Two weeks ago, the online academic journal Transatlantica posted my essay "Worlds within Worlds: Audiences, Jargon, and North America Comics Discourse." (My essay is here; the others in the issue, all worth reading, are here.) I begin "Worlds Within Worlds" by charting the American reception to the English-language version of Thierry Groensteen's The System of Comics (University Press of Mississippi, 2007), and in the process summarize Leonard Rifas' review of System in The Comics Journal #284 (July 2007).
I refer readers to the entire essay for both my summary of Rifas' review and my own position, but there is one error I'd like to correct here. Twice, I make reference to Rifas using the word "gibberish" to describe System and difficult academic prose (specifically, I write "that doesn't mean that the jargon is, to use Rifas' word, 'gibberish'" and "Rifas' dismissal of jargon as 'gibberish'"), both of which don't honor Rifas' original use of the word. Here's an e-mail from Leonard correcting my mistake:
I appreciated your article "Worlds within Worlds: Audiences, Jargon, and North American Comics Discourse" in the new issue of Transatlantica except for those places in which my name came up as someone who supposedly "despises" academic language and regards Groensteen's The System of Comics as "gibberish."
I used the word "gibberish" in my review of The System of Comics only once, when I claimed that Groensteen's book was, appearances notwithstanding, NOT gibberish: "I attest that read three times slowly and in its full context, this ceases to be gibberish."
The idea that as a Grothian anti-academic I "despise" Groensteen's "lit-crit prose and jargon" doesn't capture the primary mood I experienced when reading his book, which was disappointment. The part of my review in which I address the question of style most directly comes near the end:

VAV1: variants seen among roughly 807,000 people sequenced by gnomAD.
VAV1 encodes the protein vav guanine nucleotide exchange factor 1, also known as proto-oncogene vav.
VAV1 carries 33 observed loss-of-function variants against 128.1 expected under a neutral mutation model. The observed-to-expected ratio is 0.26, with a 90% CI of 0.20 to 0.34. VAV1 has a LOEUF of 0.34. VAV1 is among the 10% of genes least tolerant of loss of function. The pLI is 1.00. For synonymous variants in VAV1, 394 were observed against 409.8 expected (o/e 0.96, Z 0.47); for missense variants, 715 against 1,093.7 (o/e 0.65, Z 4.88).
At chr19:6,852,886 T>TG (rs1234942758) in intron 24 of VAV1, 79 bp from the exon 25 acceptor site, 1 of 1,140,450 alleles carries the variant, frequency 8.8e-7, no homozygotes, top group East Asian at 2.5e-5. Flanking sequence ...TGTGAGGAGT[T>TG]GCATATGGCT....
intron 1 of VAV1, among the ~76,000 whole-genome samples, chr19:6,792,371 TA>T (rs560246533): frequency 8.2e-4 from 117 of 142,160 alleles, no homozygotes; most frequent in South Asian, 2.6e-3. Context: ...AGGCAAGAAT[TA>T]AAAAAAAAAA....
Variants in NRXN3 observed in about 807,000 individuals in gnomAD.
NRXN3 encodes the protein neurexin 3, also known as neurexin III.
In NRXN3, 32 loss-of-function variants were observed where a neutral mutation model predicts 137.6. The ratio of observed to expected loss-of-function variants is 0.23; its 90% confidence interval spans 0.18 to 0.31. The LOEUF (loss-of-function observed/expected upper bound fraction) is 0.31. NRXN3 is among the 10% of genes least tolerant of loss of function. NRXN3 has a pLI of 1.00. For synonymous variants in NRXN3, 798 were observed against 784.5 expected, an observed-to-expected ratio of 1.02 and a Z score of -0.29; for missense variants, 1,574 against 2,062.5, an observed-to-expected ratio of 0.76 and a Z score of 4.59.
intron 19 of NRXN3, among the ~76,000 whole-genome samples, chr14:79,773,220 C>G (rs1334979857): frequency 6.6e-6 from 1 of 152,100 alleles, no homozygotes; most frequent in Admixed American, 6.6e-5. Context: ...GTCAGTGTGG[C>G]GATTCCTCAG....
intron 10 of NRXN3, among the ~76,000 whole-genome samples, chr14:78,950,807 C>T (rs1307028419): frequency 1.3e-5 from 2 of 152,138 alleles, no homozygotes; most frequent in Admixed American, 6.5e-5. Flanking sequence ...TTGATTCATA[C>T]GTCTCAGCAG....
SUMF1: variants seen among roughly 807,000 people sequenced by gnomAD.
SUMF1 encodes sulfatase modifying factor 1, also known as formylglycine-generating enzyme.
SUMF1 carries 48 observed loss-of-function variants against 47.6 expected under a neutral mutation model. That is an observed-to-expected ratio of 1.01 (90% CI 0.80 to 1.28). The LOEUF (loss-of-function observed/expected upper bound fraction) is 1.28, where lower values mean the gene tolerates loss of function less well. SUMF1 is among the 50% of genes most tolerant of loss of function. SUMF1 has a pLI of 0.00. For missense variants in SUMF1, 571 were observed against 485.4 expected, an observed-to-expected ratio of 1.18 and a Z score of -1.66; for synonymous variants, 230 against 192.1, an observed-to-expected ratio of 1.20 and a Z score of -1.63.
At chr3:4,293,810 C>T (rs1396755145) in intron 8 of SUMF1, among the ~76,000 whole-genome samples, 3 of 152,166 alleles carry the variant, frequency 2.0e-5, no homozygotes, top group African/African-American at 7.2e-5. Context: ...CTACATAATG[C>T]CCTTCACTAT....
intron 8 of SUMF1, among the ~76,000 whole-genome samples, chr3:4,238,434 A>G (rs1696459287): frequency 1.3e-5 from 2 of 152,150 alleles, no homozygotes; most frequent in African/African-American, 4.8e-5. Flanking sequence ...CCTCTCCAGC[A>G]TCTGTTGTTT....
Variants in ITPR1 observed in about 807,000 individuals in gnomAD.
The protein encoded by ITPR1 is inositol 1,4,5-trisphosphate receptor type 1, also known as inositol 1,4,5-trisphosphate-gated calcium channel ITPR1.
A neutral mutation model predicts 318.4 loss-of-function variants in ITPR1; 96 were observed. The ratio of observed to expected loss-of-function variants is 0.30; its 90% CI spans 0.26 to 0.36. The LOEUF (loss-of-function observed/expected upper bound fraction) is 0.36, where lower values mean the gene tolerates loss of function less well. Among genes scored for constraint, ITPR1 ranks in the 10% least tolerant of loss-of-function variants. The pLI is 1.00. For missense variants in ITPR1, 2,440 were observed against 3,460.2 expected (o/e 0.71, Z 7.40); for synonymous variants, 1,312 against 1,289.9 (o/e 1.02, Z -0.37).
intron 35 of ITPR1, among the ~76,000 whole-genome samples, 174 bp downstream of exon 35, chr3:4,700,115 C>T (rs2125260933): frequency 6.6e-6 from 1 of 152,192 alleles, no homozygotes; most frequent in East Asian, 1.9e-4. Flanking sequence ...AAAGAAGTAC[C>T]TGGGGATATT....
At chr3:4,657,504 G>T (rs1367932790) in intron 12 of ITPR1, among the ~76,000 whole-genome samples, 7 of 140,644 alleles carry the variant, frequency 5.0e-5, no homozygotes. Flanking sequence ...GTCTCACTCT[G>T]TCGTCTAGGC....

"The possibility finally occurred to me that Groensteen takes pleasure from writing in this style. By the end of the book, I had begun to imagine that in its original language, this text may even have an effervescent sparkle that disappears like the shine off a drying pebble when reduced to a literal retelling in English. If that seems overly generous, I do not care to know otherwise."
In the years since reviewing The System of Comics for The Comics Journal, my appreciation for Groensteen's achievement in that book has grown, though not enough to make me want to reread it.
I apologize to Leonard for getting his use of "gibberish" wrong. I'll leave it up to other readers to determine if I misrepresented the mood of his review--it still reads to me like a cry of frustration as much as an expression of disappointment--but I'm grateful for his input.
In "Worlds within Worlds," I argue that comics academics should write in an accessible, jargon-light style, and issues of terminology and accessibility continue to cause friction among critics and scholars. Last weekend, I attended Ohio State University's Festival of Cartoon Art, where I heard an entertaining, enlightening and jargon-heavy paper by Toni Pape (University of Montreal) titled "Knowing One's Limits" Metalepsis, Pseudo-liveness and Mediality in 'Sculoa di fumetto' (Rat-Man)." In the question-and-answer session following Pape's presentation, critic R.C. Harvey leaned into his microphone and asked Pape a very simple question: "Are you serious?" Isaac Cates captured the moment in his sketchbook:
Harvey then briefly complained about Pape's use of jargon--without, alas, saying anything about Pape's intelligent reading of the self-reflexivity of Leo Ortolani's Rat-Man comic. In my Transatlantica piece, I express hope that we can find a language for comics studies that is both academically rigorous and open to readers, fans and critics (like Harvey) outside the academy. Am I hoping in vain?
Please go read Isaac's reports on the OSU festival here.